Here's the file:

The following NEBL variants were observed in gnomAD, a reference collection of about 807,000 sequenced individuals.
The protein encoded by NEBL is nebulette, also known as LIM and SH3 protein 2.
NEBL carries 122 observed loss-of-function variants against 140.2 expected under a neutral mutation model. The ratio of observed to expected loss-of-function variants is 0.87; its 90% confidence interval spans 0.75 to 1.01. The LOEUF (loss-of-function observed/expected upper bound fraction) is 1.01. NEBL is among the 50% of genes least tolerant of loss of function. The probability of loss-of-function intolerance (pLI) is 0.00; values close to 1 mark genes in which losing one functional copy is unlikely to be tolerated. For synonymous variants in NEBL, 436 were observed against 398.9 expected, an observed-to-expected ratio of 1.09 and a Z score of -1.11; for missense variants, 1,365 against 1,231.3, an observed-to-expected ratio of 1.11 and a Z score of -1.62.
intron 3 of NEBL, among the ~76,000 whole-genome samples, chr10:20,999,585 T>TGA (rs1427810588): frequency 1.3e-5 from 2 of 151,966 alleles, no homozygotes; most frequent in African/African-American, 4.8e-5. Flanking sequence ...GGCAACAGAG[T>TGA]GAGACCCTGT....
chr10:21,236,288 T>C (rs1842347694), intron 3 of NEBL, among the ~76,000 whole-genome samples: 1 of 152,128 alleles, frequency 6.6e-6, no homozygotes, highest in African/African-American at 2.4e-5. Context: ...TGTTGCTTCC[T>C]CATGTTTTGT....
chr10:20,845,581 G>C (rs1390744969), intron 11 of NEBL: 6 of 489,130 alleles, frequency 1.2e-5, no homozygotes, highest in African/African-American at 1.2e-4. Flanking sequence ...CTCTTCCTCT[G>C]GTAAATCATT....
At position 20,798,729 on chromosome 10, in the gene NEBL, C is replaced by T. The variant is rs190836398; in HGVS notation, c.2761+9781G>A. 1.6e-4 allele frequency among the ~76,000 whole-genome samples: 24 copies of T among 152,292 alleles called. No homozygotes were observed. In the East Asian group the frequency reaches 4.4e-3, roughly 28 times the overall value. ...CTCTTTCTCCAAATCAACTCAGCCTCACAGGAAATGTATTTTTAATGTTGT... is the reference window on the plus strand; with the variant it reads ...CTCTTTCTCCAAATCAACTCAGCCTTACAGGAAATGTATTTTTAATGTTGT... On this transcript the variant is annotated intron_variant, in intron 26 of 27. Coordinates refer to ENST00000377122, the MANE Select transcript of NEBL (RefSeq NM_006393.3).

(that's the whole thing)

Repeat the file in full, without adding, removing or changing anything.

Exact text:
The following NEBL variants were observed in gnomAD, a reference collection of about 807,000 sequenced individuals.
The protein encoded by NEBL is nebulette, also known as LIM and SH3 protein 2.
NEBL carries 122 observed loss-of-function variants against 140.2 expected under a neutral mutation model. The ratio of observed to expected loss-of-function variants is 0.87; its 90% confidence interval spans 0.75 to 1.01. The LOEUF (loss-of-function observed/expected upper bound fraction) is 1.01. NEBL is among the 50% of genes least tolerant of loss of function. The probability of loss-of-function intolerance (pLI) is 0.00; values close to 1 mark genes in which losing one functional copy is unlikely to be tolerated. For synonymous variants in NEBL, 436 were observed against 398.9 expected, an observed-to-expected ratio of 1.09 and a Z score of -1.11; for missense variants, 1,365 against 1,231.3, an observed-to-expected ratio of 1.11 and a Z score of -1.62.
intron 3 of NEBL, among the ~76,000 whole-genome samples, chr10:20,999,585 T>TGA (rs1427810588): frequency 1.3e-5 from 2 of 151,966 alleles, no homozygotes; most frequent in African/African-American, 4.8e-5. Flanking sequence ...GGCAACAGAG[T>TGA]GAGACCCTGT....
chr10:21,236,288 T>C (rs1842347694), intron 3 of NEBL, among the ~76,000 whole-genome samples: 1 of 152,128 alleles, frequency 6.6e-6, no homozygotes, highest in African/African-American at 2.4e-5. Context: ...TGTTGCTTCC[T>C]CATGTTTTGT....
chr10:20,845,581 G>C (rs1390744969), intron 11 of NEBL: 6 of 489,130 alleles, frequency 1.2e-5, no homozygotes, highest in African/African-American at 1.2e-4. Flanking sequence ...CTCTTCCTCT[G>C]GTAAATCATT....
At position 20,798,729 on chromosome 10, in the gene NEBL, C is replaced by T. The variant is rs190836398; in HGVS notation, c.2761+9781G>A. 1.6e-4 allele frequency among the ~76,000 whole-genome samples: 24 copies of T among 152,292 alleles called. No homozygotes were observed. In the East Asian group the frequency reaches 4.4e-3, roughly 28 times the overall value. ...CTCTTTCTCCAAATCAACTCAGCCTCACAGGAAATGTATTTTTAATGTTGT... is the reference window on the plus strand; with the variant it reads ...CTCTTTCTCCAAATCAACTCAGCCTTACAGGAAATGTATTTTTAATGTTGT... On this transcript the variant is annotated intron_variant, in intron 26 of 27. Coordinates refer to ENST00000377122, the MANE Select transcript of NEBL (RefSeq NM_006393.3).